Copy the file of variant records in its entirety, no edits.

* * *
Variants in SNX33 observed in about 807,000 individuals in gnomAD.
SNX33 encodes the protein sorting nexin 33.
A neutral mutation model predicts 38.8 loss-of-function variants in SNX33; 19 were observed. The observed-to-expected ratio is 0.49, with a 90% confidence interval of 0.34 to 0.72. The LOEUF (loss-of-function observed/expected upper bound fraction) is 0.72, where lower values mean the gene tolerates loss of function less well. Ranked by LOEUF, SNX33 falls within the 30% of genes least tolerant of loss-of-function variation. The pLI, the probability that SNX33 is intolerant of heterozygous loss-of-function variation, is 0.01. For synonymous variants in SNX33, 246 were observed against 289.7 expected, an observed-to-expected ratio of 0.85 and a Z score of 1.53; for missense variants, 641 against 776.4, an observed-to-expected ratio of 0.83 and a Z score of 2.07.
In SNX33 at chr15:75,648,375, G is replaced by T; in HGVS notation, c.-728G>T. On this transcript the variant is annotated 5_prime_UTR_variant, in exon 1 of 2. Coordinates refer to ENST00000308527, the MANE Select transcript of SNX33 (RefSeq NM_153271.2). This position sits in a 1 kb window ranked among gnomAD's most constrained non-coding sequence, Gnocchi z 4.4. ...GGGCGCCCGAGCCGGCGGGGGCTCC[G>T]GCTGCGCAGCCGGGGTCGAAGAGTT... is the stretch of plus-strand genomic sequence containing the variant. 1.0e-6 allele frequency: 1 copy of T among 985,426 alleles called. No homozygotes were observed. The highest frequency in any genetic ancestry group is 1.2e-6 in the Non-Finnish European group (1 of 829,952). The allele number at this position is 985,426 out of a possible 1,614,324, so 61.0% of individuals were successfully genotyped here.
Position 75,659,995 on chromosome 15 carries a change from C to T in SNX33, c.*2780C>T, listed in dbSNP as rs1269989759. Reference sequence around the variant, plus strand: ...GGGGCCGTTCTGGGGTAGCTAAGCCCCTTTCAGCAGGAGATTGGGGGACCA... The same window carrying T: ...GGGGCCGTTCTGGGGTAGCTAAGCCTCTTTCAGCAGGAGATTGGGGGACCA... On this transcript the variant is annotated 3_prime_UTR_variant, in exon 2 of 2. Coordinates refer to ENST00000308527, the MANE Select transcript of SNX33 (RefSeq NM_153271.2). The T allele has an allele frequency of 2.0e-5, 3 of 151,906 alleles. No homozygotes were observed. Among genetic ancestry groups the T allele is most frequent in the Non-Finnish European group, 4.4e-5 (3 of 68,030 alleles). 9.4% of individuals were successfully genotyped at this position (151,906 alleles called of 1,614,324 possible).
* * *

Variants in SNX33 observed in about 807,000 individuals in gnomAD.
SNX33 encodes the protein sorting nexin 33.
A neutral mutation model predicts 38.8 loss-of-function variants in SNX33; 19 were observed. The observed-to-expected ratio is 0.49, with a 90% confidence interval of 0.34 to 0.72. The LOEUF (loss-of-function observed/expected upper bound fraction) is 0.72, where lower values mean the gene tolerates loss of function less well. Ranked by LOEUF, SNX33 falls within the 30% of genes least tolerant of loss-of-function variation. The pLI, the probability that SNX33 is intolerant of heterozygous loss-of-function variation, is 0.01. For synonymous variants in SNX33, 246 were observed against 289.7 expected, an observed-to-expected ratio of 0.85 and a Z score of 1.53; for missense variants, 641 against 776.4, an observed-to-expected ratio of 0.83 and a Z score of 2.07.
In SNX33 at chr15:75,648,375, G is replaced by T; in HGVS notation, c.-728G>T. On this transcript the variant is annotated 5_prime_UTR_variant, in exon 1 of 2. Coordinates refer to ENST00000308527, the MANE Select transcript of SNX33 (RefSeq NM_153271.2). This position sits in a 1 kb window ranked among gnomAD's most constrained non-coding sequence, Gnocchi z 4.4. ...GGGCGCCCGAGCCGGCGGGGGCTCC[G>T]GCTGCGCAGCCGGGGTCGAAGAGTT... is the stretch of plus-strand genomic sequence containing the variant. 1.0e-6 allele frequency: 1 copy of T among 985,426 alleles called. No homozygotes were observed. The highest frequency in any genetic ancestry group is 1.2e-6 in the Non-Finnish European group (1 of 829,952). The allele number at this position is 985,426 out of a possible 1,614,324, so 61.0% of individuals were successfully genotyped here.
Position 75,659,995 on chromosome 15 carries a change from C to T in SNX33, c.*2780C>T, listed in dbSNP as rs1269989759. Reference sequence around the variant, plus strand: ...GGGGCCGTTCTGGGGTAGCTAAGCCCCTTTCAGCAGGAGATTGGGGGACCA... The same window carrying T: ...GGGGCCGTTCTGGGGTAGCTAAGCCTCTTTCAGCAGGAGATTGGGGGACCA... On this transcript the variant is annotated 3_prime_UTR_variant, in exon 2 of 2. Coordinates refer to ENST00000308527, the MANE Select transcript of SNX33 (RefSeq NM_153271.2). The T allele has an allele frequency of 2.0e-5, 3 of 151,906 alleles. No homozygotes were observed. Among genetic ancestry groups the T allele is most frequent in the Non-Finnish European group, 4.4e-5 (3 of 68,030 alleles). 9.4% of individuals were successfully genotyped at this position (151,906 alleles called of 1,614,324 possible).